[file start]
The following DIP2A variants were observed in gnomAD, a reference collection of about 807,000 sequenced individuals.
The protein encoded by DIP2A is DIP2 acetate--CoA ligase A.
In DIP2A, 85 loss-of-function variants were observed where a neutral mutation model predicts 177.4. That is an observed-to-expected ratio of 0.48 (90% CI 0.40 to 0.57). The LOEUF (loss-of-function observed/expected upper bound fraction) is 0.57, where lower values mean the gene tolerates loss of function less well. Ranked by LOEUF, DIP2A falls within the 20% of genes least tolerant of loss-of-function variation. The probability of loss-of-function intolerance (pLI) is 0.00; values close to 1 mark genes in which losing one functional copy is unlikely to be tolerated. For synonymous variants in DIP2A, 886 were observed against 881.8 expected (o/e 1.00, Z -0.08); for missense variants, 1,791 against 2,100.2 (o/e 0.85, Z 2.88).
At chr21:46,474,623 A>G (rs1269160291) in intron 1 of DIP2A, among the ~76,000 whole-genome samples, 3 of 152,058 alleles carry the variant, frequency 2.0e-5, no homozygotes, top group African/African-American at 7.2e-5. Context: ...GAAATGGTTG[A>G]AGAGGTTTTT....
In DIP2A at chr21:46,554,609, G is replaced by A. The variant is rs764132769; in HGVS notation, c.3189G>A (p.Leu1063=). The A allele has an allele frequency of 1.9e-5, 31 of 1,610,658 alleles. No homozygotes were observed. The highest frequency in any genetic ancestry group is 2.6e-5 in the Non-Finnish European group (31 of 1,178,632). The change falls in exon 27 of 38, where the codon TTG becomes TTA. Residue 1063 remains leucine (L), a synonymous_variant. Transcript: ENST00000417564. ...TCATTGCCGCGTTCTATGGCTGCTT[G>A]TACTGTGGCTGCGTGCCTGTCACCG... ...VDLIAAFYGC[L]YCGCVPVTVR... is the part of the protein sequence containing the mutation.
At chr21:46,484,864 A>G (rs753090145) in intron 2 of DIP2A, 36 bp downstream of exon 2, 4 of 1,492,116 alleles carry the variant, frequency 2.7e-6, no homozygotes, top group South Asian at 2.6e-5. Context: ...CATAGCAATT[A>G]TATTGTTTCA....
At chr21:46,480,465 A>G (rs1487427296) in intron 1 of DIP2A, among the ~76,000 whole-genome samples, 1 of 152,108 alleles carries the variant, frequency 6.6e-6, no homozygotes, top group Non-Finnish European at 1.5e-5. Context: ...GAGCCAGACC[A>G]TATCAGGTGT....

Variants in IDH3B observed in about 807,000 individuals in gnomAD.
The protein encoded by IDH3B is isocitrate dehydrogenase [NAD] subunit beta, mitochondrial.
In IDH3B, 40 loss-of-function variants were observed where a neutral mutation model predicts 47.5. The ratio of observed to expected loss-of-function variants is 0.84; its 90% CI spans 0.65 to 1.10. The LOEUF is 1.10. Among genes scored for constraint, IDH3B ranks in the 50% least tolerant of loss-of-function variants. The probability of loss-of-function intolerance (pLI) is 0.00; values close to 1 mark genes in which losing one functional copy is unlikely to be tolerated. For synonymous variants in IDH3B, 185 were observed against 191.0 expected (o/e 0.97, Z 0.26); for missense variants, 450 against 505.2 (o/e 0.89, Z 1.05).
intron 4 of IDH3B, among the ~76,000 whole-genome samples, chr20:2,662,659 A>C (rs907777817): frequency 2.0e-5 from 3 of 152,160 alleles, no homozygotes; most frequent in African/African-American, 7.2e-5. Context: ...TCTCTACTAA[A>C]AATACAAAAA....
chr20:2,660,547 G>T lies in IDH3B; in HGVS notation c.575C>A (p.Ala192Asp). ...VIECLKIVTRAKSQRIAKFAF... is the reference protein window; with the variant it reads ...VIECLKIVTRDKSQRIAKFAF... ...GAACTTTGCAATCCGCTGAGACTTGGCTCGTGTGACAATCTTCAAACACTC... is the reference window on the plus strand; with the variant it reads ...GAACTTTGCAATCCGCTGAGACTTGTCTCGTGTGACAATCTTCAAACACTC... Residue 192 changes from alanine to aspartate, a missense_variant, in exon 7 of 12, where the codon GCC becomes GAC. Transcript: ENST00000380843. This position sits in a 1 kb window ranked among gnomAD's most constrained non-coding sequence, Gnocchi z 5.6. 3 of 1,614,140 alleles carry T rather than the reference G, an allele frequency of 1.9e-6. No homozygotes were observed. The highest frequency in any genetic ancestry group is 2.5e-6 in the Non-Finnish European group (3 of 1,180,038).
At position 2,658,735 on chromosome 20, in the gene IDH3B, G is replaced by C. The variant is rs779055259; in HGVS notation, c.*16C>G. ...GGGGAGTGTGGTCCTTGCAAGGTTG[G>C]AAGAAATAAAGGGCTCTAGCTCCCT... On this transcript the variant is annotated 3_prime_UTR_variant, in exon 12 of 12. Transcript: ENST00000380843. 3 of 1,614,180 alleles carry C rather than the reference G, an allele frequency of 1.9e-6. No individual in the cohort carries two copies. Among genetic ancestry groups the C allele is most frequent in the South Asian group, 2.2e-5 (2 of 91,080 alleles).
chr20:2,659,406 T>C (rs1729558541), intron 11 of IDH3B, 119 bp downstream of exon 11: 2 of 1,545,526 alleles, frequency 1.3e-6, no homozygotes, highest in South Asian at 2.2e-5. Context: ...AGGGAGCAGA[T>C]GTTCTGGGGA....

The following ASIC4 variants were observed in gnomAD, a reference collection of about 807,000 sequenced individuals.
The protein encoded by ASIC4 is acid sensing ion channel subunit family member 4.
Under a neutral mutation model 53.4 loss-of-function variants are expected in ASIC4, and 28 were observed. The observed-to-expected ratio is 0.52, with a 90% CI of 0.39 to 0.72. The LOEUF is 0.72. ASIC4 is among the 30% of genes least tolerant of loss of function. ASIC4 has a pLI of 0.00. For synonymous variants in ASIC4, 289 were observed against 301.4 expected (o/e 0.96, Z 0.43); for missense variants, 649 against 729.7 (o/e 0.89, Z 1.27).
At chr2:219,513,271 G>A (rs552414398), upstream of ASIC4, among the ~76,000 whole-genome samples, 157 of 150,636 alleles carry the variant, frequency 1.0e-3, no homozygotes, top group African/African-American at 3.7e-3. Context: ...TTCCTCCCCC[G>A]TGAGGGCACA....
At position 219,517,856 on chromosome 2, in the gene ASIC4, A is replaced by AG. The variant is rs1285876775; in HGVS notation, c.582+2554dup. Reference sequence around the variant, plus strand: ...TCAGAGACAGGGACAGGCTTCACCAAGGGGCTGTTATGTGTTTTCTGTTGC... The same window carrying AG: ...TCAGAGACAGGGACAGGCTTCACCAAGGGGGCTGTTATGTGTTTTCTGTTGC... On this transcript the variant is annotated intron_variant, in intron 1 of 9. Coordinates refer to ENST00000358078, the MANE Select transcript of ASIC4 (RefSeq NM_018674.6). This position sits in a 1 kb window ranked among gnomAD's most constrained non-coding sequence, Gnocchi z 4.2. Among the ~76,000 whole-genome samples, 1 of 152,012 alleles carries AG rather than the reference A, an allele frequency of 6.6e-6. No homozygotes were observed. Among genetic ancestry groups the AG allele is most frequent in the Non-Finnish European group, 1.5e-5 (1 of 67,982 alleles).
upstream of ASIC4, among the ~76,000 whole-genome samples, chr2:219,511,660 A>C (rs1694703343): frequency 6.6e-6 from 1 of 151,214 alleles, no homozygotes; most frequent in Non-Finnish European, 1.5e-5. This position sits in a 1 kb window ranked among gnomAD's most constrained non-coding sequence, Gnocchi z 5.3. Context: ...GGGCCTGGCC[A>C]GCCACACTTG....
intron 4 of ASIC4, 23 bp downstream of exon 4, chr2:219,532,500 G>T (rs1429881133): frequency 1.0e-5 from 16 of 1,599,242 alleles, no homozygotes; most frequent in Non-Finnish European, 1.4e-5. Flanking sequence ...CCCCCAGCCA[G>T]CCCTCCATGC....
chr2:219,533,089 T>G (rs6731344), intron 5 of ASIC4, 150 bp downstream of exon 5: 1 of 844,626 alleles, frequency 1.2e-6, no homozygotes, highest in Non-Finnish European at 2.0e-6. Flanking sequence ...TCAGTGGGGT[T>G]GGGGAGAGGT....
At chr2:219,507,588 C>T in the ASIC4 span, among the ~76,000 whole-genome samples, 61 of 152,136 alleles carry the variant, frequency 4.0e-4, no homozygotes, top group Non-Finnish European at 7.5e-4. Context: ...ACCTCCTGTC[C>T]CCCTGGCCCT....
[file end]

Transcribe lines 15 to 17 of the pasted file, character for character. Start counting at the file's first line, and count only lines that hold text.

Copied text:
The following ASIC4 variants were observed in gnomAD, a reference collection of about 807,000 sequenced individuals.
The protein encoded by ASIC4 is acid sensing ion channel subunit family member 4.
Under a neutral mutation model 53.4 loss-of-function variants are expected in ASIC4, and 28 were observed. The observed-to-expected ratio is 0.52, with a 90% CI of 0.39 to 0.72. The LOEUF is 0.72. ASIC4 is among the 30% of genes least tolerant of loss of function. ASIC4 has a pLI of 0.00. For synonymous variants in ASIC4, 289 were observed against 301.4 expected (o/e 0.96, Z 0.43); for missense variants, 649 against 729.7 (o/e 0.89, Z 1.27).